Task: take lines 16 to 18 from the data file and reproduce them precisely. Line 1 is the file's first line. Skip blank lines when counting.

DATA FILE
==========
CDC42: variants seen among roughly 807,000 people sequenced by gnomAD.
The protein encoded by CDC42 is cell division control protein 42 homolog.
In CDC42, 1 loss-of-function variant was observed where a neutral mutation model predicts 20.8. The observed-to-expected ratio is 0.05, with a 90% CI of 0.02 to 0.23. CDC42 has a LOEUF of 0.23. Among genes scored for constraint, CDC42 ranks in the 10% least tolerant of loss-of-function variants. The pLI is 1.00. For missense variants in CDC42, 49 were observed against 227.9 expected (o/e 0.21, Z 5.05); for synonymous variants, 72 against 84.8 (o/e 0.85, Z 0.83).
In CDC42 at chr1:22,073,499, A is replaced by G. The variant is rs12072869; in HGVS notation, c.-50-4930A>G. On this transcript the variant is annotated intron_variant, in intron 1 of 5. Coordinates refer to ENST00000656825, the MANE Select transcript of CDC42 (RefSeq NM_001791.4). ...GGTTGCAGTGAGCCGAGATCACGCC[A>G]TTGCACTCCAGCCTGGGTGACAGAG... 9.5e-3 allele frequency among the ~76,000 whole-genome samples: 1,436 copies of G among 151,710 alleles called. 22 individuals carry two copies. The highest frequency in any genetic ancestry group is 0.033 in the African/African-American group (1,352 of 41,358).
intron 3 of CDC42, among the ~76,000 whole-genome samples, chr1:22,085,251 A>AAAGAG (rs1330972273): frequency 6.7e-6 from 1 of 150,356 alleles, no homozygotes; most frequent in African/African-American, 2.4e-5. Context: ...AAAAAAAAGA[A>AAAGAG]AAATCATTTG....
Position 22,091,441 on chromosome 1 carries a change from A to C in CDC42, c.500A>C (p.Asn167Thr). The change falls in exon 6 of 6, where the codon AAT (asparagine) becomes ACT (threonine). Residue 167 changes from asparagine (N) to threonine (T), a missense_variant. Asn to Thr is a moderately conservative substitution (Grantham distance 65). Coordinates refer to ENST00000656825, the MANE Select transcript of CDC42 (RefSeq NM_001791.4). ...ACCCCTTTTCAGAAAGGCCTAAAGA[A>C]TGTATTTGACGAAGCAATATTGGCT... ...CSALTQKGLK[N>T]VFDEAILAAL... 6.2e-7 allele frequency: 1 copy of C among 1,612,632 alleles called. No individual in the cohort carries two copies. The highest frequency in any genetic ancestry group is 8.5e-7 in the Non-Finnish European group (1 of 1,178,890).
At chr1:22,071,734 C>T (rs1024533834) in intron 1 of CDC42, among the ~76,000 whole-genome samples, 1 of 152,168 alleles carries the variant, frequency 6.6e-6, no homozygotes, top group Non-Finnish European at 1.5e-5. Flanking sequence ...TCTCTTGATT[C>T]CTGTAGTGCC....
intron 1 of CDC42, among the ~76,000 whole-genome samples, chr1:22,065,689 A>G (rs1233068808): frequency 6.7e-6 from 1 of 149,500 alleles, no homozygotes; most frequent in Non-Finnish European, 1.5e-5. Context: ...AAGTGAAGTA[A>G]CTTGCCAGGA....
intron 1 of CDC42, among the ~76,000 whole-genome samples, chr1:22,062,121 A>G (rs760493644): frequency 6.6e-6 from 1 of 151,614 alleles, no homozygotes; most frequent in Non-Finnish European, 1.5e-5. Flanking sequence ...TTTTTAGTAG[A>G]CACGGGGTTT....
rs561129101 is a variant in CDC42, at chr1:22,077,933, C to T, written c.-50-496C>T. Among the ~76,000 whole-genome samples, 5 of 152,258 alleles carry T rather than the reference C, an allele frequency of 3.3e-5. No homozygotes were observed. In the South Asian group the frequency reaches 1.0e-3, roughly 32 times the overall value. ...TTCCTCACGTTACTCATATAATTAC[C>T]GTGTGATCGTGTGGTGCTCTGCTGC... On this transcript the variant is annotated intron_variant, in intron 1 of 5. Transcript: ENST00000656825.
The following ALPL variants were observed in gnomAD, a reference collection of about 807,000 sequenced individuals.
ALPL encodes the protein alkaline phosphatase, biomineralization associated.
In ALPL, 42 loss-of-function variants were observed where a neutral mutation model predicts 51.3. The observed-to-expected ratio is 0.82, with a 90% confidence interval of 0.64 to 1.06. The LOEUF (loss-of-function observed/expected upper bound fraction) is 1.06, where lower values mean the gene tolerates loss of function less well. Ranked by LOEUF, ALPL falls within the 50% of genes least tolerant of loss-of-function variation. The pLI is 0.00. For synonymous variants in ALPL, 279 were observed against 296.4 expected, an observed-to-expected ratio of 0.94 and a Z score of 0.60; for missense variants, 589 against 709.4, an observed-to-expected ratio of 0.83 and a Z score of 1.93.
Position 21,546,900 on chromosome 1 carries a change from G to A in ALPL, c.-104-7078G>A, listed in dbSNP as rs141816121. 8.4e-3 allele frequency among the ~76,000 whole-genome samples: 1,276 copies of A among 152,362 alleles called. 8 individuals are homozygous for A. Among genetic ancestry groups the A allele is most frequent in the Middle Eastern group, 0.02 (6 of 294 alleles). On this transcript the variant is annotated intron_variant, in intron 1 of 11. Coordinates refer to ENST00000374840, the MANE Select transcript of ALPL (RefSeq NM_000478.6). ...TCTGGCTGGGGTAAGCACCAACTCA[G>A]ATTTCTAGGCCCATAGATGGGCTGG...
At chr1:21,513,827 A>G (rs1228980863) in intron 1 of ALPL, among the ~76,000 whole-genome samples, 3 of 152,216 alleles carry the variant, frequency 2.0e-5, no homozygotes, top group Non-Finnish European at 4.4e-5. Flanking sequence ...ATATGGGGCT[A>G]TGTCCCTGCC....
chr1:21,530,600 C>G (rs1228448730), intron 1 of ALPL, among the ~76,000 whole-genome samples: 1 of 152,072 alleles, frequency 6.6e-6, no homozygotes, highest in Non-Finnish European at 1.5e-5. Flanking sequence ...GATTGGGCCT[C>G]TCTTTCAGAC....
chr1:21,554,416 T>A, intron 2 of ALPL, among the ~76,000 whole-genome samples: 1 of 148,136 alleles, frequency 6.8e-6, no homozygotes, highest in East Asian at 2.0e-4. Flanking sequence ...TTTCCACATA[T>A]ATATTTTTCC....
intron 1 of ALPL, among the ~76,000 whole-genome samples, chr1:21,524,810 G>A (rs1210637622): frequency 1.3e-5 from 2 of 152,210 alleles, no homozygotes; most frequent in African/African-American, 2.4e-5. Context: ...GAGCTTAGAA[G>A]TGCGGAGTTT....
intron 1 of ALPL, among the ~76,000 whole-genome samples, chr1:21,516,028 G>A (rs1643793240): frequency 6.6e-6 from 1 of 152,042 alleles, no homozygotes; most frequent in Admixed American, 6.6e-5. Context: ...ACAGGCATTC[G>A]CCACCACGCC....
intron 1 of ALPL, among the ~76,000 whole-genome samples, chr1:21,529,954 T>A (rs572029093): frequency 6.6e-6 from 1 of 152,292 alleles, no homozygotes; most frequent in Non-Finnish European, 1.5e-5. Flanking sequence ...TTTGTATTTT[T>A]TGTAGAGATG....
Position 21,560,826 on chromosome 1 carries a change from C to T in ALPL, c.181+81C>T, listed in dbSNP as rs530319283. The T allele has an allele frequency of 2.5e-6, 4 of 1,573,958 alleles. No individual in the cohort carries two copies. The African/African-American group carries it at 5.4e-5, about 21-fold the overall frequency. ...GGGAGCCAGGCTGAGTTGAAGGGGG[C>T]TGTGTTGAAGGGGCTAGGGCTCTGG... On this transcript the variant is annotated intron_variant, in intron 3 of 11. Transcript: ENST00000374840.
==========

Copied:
chr1:21,530,600 C>G (rs1228448730), intron 1 of ALPL, among the ~76,000 whole-genome samples: 1 of 152,072 alleles, frequency 6.6e-6, no homozygotes, highest in Non-Finnish European at 1.5e-5. Flanking sequence ...GATTGGGCCT[C>G]TCTTTCAGAC....
chr1:21,554,416 T>A, intron 2 of ALPL, among the ~76,000 whole-genome samples: 1 of 148,136 alleles, frequency 6.8e-6, no homozygotes, highest in East Asian at 2.0e-4. Flanking sequence ...TTTCCACATA[T>A]ATATTTTTCC....
intron 1 of ALPL, among the ~76,000 whole-genome samples, chr1:21,524,810 G>A (rs1210637622): frequency 1.3e-5 from 2 of 152,210 alleles, no homozygotes; most frequent in African/African-American, 2.4e-5. Context: ...GAGCTTAGAA[G>A]TGCGGAGTTT....